Double rooms including breakfast from 250
For more info visit
www.conventodoespinheiro.com/en

Herdade da Amendoeira, Santana do Campo Arraiolos, 7040-130 Arraiolos.Tel:+351 266 847 498
Double rooms including breakfast from €65
For more info visit www.herdadeamendoeira.com

Pousada Arraiolos, 7044-909 Arraiolos,Tel:+351 266 419 340
Double rooms including breakfast from
€120
For more info visit www.pousadas.pt

Restaurants 

Restaurante Arte e Sal
Praia de Morgavel
São Torpes
7520-089 Sines
Tel:+351 269 869 125
Average price without drinks, €16 to €24 per person 

Adega da Cartuxa
Quinta de Valbom
Estrada da Soeira
7000-769 Évora
Tel:+351 266 748 380
Dir.comercial@fea.pt
For more info visit www.cartuxa.pt

Restaurante Dom Joaquim
Rua dos Penedos 6
7000-537 Évora – Portugal
Tel:+351 266 73 11 05
Average price without drinks, €20 per person
For more info visit http://restaurantedomjoaquim.pai.pt

For more info on Alentejo visit visitportugal.com/en






Monday, 21 October 2013

Hair colour to dye for



As the end of summer abruptly approached, my hair had started to look rather worse for wear. It had faded and especially, in daylight, I could see too much yellow in it.  I was not duly concerned as I knew my trusted colourist, Liz would fix the problem. So, it was quickly on the phone to Daniel Galvin to book an appointment.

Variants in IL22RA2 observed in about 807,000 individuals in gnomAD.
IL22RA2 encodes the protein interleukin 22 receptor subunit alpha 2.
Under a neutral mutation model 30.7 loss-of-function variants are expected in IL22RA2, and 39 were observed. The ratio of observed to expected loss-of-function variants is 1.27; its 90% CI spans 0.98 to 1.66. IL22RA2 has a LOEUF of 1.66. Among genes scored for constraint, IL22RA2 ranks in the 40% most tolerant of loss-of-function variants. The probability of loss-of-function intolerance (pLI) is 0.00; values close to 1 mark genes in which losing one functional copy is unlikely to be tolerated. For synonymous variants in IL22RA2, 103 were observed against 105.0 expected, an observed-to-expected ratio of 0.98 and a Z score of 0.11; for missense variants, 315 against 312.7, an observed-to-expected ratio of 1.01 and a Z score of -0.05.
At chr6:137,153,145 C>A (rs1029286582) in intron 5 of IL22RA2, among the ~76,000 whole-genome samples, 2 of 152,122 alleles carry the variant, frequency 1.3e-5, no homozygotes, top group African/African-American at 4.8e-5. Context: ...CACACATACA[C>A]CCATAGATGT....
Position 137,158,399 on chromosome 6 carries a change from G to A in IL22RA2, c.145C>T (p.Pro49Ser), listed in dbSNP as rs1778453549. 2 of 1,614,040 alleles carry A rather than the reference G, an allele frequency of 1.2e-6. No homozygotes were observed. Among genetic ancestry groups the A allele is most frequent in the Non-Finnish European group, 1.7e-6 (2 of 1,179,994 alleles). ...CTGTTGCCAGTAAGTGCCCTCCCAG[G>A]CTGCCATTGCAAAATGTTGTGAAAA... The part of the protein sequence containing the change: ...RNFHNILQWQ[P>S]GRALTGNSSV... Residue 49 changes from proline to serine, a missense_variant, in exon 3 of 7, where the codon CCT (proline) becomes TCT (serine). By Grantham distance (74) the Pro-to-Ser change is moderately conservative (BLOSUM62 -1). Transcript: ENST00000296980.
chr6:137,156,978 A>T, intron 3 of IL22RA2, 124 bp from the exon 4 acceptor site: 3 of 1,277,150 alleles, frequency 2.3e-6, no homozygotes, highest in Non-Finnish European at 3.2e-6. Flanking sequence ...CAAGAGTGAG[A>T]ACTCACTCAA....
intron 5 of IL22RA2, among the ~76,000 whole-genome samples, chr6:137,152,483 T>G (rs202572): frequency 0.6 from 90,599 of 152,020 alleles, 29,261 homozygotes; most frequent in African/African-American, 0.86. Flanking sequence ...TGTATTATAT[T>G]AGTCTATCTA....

You can imagine how I felt when I was told that Liz wasn’t going to be available, but Daisy, who Liz recommended when she wasn’t in the salon could sort out my problem. As I was about to go away and as Daisy came with Liz’s seal of approval, I set a date.

Daisy took one look at my locks and said: “You need to be two shades darker.” Chatting to Daisy, I knew I was in safe hands. The butterflies in my stomach disappeared rapidly. Anybody who knows what it is like to go to a new colourist when you have been really pleased with your present one knows that feeling. 




After a through consultation, Daisy began work. She mixed a darker shade than I had previously and started by doing the roots. Afterwards, she took the colour through the ends for about 5 minutes before applying a gloss.

Daisy had told me that, for this autumn, brunettes should be deeper and richer than they were in the summer. “Darker hair also has more shine,” she added. 

For the winter, Daisy advised brunettes to go slightly warmer. “Think chestnut or hazel. If you have a neutral or cool skin tone, richer does not mean having to add red to the hair. To keep your hair looking natural, ensure the hairline and ends are lighter than the roots.”

As the days grow shorter, Daisy advises blondes to keep the front light but add some warmer tones to their locks. Redheads should go richer and deeper. “Just remember, there is a fine line between looking natural and artificial,” she cautioned.

My hair looked amazing. I really was pleased. It is probably the darkest I have been in a long time. As Daisy pointed out, my eyes were the first thing you noticed. And, as Daniel would say:” If you’ve got the perfect hair colour, the first thing that people should notice should NOT be your hair colour, it should be your eyes.”

By Daralyn Danns

Daniel Galvin (www.danielgalvin.com)